How to design a banner for your business in six easy steps

Business owners hanging now open banner

Think of your company's print banners like billboards—they need to quickly attract passersby and simultaneously convey your message. But in today's overcrowded advertising landscape, how do you design a banner that will stand out and entice your target audience?

Banner design is easier than you think, if you break down the process into small steps. 

1. Determine where you’ll place your banner

Will your banner be hung outside your storefront or indoors at a trade show booth? The placement of your banner should help inform your design, color, material and message. When choosing colors, think about if it will clash or blend in with the background. For example, don’t choose a red background if you’ll be hanging your banner against a red brick wall. 

2. Define your message (and keep it succinct)

Take time to carefully consider your message. What action do you want people to take after seeing your banner? Now, how can you convey this message in as few words as possible?

Condense your message down to eight words or less. To be effective, the banner's message should get straight to the point. For example:

“We now offer free delivery”

“Grand Opening”

“25% off entire selection”

If the banner won't be set up at your business location, include your company's name and/or logo, making sure that they're easy to pick out from the text. You should also include either a phone number or website. If you have more to say, direct potential customers to where they may find more information – “see website for more details” or “inquire within.”

Do you have any previous marketing campaigns for your business? If so, go back and look for anything relevant (images, catchy slogans, color schemes) to pull from them. Connecting past marketing themes with your current campaign will help preserve brand recognition.

3. Select simple images or graphics

Your custom banner design's message may not require an image, but sometimes, a picture can be the main way of making your point. If you're using an image, make sure it's a simple one – and that it's obvious, from afar, what the image is. Images should have clean lines and few colors.

Feature images of the products or services you're promoting. For example, if you are introducing a delivery service, an image of a delivery truck on the move beside the text “Now offering free delivery” clearly emphasizes the message, without the viewer needing to remember your text. A passerby will think: Image of truck = delivery. This business now has delivery. Got it.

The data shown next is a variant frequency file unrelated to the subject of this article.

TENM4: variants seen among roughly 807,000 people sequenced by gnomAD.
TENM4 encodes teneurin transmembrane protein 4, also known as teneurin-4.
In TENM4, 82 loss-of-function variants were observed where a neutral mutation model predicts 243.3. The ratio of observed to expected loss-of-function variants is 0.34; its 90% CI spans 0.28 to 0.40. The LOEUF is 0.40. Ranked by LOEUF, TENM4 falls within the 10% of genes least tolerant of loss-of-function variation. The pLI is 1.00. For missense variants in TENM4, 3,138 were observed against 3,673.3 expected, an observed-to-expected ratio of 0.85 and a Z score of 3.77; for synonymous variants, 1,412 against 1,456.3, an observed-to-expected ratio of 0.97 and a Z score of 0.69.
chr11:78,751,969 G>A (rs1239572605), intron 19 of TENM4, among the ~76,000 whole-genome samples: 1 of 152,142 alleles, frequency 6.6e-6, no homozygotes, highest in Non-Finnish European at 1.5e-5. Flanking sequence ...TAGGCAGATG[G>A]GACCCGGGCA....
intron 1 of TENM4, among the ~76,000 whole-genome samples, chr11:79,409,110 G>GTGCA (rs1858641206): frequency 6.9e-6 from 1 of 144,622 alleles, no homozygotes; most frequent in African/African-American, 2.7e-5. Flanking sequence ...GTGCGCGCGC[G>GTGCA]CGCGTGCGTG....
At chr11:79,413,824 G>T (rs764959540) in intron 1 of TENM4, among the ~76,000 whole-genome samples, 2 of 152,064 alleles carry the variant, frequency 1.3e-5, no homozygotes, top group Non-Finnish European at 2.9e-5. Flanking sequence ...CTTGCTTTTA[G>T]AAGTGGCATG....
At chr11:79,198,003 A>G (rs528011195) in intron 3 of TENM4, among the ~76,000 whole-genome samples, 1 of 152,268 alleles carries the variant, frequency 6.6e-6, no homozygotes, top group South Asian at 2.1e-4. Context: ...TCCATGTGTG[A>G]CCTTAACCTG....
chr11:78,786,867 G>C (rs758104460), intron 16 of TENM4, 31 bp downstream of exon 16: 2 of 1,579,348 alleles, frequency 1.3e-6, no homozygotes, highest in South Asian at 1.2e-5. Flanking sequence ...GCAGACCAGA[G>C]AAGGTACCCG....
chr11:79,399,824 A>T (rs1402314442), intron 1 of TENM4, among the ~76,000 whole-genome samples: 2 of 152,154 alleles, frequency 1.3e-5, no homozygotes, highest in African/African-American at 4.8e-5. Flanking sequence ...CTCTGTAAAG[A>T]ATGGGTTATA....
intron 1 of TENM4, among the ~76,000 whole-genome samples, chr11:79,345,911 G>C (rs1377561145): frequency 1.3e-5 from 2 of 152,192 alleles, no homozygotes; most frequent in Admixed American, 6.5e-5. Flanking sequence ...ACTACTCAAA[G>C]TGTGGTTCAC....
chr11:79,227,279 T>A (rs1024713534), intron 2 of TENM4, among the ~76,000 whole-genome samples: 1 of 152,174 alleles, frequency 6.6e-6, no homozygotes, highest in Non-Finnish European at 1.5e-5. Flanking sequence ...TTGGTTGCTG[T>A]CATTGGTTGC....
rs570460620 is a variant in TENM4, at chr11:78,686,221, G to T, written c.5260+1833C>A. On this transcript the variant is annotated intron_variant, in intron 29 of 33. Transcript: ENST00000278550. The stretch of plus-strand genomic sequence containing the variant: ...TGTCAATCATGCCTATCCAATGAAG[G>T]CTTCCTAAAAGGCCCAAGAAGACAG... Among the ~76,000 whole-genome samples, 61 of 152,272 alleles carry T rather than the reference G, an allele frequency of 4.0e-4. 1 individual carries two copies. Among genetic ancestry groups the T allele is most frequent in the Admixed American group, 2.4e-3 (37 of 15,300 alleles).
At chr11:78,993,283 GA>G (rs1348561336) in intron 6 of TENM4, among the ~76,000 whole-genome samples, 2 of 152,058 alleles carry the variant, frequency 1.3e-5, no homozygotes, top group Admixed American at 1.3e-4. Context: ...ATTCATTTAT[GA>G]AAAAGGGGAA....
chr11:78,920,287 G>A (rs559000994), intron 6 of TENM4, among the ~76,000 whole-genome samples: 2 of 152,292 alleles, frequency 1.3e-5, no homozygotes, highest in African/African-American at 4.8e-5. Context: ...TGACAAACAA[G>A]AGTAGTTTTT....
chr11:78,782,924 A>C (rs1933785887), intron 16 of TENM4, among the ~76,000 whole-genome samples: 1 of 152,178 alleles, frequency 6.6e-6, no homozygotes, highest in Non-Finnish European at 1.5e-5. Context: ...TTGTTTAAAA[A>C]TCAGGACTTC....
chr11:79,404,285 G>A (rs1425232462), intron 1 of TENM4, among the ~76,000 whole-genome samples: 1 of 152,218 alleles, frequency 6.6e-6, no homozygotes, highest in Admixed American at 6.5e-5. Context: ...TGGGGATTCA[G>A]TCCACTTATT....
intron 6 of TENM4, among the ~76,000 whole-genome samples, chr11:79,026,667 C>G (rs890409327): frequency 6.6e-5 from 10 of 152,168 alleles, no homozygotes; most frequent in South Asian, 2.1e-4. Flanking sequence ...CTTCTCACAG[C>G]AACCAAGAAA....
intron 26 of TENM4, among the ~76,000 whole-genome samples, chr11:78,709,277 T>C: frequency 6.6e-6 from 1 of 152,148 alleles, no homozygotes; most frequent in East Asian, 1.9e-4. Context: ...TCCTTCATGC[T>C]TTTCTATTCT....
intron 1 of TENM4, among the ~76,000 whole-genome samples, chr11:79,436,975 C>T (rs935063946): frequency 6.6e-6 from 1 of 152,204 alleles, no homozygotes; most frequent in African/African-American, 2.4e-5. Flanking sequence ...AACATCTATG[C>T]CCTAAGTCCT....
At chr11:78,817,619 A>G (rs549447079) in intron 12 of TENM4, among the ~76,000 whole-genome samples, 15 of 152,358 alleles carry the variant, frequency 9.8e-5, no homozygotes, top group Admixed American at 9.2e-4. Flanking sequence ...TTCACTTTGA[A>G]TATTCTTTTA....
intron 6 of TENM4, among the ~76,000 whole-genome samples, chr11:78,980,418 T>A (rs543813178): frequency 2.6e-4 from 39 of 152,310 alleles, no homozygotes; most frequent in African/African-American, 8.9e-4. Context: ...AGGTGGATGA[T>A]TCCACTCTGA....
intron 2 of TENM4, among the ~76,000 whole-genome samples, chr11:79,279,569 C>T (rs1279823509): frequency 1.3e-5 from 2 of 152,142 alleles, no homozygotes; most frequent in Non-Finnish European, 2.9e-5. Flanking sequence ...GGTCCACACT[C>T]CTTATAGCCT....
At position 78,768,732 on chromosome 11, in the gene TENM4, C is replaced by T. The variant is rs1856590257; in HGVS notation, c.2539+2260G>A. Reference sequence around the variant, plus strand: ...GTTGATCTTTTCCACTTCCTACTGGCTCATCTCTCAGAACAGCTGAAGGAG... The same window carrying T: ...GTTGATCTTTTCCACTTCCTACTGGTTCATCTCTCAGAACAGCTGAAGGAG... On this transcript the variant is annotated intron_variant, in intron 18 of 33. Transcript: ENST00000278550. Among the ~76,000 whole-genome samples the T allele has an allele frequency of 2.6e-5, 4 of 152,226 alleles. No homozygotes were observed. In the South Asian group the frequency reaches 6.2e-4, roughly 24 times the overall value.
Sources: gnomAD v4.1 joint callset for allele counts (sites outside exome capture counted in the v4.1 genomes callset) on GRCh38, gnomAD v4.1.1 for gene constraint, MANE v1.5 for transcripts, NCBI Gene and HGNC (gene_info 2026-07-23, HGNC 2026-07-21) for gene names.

Grand opening banner

4. Choose your font style and size

A print banner targeted at pedestrians or drivers can't require time to study in detail. For your banner to be legible from afar, choose a font that is classic and clean.

To achieve a clean look, stick to one or two font styles. A mix of different typefaces can distract from the story.

If you use two fonts, make sure they’re in the same “font family.” For example, Arial Light, Arial Narrow, Arial Classic, and Arial Bold pair well together. Check out our online design tool to find out which fonts match up.

Consider readability when choosing font size. Even if people can walk up to your banner—whether it's a standing banner design at a trade show or a window banner in your store—the font size should still be large. Your banner could have the wittiest lines ever written, but if the font is too small, no one will be able to read it. You can use all caps to emphasize a specific word or if your text is short enough.

5. Create visual contrast

Someone jogging or driving by your storefront won't notice your banner unless it really stands out from its surroundings. While bright colors work to attract attention quickly, a contrast of colors will make your banner pop. Often, the best business banner ideas consist of just two colors that contrast well–one for the text and one for the background-like black words on a white background or white writing on a red background.

Try these combinations:

  • A bold font that contrasts with an eye-catching background color, like red, yellow or orange
  • Black text on a white background or vice versa – a classic combination
  • Blocks of color (ideally in a color identifiable with your brand) with white text over it, creating a focal point

Have fun playing around with color combinations, but be sure that the text is still readable from at least ten feet away. 

6. Focus on layout

Now comes the final piece of the puzzle: the layout. The best banner design ideas include an uncluttered layout with few images. Potential clients may glaze over a banner with a messy design that they can't instantly understand.

First, decide if your banner will be vertical or landscape. Use a landscape banner if you plan to hang it on a wall (interior or exterior) and it's intended for drivers and walkers.

  • If you have only one line of text, center it and leave a border of white space on all four sides.
  • For two lines (or more) of text, consider center alignment in the banner, also with a border of white space. Reduce the font size for the second line if that info is less important.
  • Longer text is fine if the banner is inside a location where people have a chance to stop and read it.

For vertical banners, less text is better. One example: when a store has a sale, you might see vertical banners hanging from the ceiling that say nothing more than “SALE” in a white font over a red background. 

Ready to get started? As you go through each step of the design process, use our design tool for inspiration. You'll soon have an attractive, professional banner for your business that's ready to print. 

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